I have bashed my head on the wall over this for many weeks. I can write a story, but to strip it bare and leave just the bones? I am struggling with it not sounding like someone’s reading a blurb on how to test and treat garden soil for alkalinity. My decision to get help on this doesn’t mean everyone will need to.

 

My advice about writing a Synopsis.

Write it, leave it alone for a day and revise it. Like pricking your fingers on a thistle you must pull barehanded. If you don’t let them heal between attempts and revisions you’ll have a bunch of holes in your fingers and your synopsis will be a bloody mess. At least that’s what I learned. I do recommend getting second and third opinions on what you wrote for your synopsis. (Assuming they have read or don’t mind complete and total story spoilers)

-Sheryl

 

Copyright © 2016 All rights reserved

The not-so-direct path to publishing.

The not so direct path to publishing.png

Something every writer has to think about at one point. For me, it was halfway through my third edit. Right around the time when I started receiving unsolicited advice. I love advice, I have to since I give it so freely myself. Nevertheless, I take it with caution. I like to figure things out and research.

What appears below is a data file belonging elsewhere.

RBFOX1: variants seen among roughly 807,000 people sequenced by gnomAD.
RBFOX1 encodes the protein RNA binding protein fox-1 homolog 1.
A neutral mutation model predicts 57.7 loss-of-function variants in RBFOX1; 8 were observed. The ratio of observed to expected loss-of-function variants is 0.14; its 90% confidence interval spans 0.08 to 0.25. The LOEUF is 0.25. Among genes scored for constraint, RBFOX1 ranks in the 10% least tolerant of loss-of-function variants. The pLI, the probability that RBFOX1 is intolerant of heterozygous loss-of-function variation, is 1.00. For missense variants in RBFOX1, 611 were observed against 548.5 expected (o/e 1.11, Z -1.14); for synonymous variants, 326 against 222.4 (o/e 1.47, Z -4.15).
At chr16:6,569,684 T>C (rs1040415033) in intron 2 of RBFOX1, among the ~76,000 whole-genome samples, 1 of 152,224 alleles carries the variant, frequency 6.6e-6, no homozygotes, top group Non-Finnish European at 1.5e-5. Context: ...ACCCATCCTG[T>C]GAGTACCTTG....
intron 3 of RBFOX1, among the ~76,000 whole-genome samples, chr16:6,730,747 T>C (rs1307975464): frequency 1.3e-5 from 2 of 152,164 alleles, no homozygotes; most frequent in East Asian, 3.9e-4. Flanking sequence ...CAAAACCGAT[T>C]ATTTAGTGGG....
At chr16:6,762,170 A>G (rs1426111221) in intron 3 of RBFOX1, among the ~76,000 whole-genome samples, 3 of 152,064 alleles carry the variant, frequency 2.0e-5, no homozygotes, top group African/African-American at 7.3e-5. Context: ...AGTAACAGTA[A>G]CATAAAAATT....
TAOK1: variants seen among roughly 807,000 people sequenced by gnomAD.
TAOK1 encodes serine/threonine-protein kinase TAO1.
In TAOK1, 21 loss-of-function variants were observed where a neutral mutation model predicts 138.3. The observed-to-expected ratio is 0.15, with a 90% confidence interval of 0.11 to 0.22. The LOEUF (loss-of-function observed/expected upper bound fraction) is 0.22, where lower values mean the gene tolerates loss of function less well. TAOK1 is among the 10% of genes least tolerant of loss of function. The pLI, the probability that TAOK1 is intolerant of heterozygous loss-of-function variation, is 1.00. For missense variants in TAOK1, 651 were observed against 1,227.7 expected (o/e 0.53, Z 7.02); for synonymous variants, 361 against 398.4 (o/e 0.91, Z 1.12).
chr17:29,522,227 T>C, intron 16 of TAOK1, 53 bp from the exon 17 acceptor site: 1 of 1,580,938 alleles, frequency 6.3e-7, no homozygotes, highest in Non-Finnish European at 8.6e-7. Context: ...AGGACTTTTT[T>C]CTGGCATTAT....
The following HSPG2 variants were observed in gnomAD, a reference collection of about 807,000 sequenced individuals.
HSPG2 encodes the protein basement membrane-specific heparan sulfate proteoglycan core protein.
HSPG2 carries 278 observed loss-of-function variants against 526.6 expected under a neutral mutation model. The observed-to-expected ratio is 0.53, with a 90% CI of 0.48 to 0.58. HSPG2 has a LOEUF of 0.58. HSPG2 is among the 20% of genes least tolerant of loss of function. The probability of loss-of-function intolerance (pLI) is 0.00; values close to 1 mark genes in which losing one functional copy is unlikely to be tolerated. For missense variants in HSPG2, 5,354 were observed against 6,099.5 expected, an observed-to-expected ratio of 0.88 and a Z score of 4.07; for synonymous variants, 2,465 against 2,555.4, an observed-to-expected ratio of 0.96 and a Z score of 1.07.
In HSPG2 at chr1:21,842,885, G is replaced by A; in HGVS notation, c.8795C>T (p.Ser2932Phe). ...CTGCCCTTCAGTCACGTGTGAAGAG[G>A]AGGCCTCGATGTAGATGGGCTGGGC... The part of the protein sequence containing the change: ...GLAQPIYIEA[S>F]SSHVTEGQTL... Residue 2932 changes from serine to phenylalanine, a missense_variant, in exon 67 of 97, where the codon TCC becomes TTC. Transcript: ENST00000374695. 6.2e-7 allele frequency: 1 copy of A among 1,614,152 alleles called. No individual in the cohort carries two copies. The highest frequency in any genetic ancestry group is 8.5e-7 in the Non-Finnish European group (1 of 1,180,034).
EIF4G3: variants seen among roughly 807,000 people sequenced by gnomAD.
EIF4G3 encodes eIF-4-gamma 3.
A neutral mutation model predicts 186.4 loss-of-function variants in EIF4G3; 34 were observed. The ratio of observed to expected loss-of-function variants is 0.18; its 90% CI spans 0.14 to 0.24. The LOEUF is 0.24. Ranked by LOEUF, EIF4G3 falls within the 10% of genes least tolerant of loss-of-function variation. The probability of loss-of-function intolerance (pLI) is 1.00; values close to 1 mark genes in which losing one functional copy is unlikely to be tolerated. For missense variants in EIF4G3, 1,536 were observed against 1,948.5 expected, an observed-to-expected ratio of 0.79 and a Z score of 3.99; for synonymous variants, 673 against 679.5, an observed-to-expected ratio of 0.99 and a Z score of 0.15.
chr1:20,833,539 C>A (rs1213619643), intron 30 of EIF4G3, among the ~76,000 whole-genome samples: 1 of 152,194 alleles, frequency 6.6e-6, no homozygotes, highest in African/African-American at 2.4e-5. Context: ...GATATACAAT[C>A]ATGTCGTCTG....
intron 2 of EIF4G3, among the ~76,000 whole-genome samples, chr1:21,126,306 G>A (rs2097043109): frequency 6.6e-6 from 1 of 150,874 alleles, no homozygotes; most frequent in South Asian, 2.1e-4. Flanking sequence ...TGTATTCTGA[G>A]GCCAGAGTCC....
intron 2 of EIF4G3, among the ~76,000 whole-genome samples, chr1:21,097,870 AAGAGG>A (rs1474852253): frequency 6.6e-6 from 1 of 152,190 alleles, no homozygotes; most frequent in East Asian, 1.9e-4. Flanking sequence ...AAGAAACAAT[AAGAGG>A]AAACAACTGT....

Just a quick note before we get to the nitty-gritty. Apparently, it’s nearly impossible to contact a “real” publisher directly. I found a publishing company online that welcomed inquiries. I jumped the gun and contacted them unprepared. They called me with too many questions. I skirted them and asked how they publish. It seemed too good to be true that they called me with nothing submitted to them. I’ll get back to them later.

There are more than three ways, but these were the three at the top of recommended paths. I didn’t even entertain the others.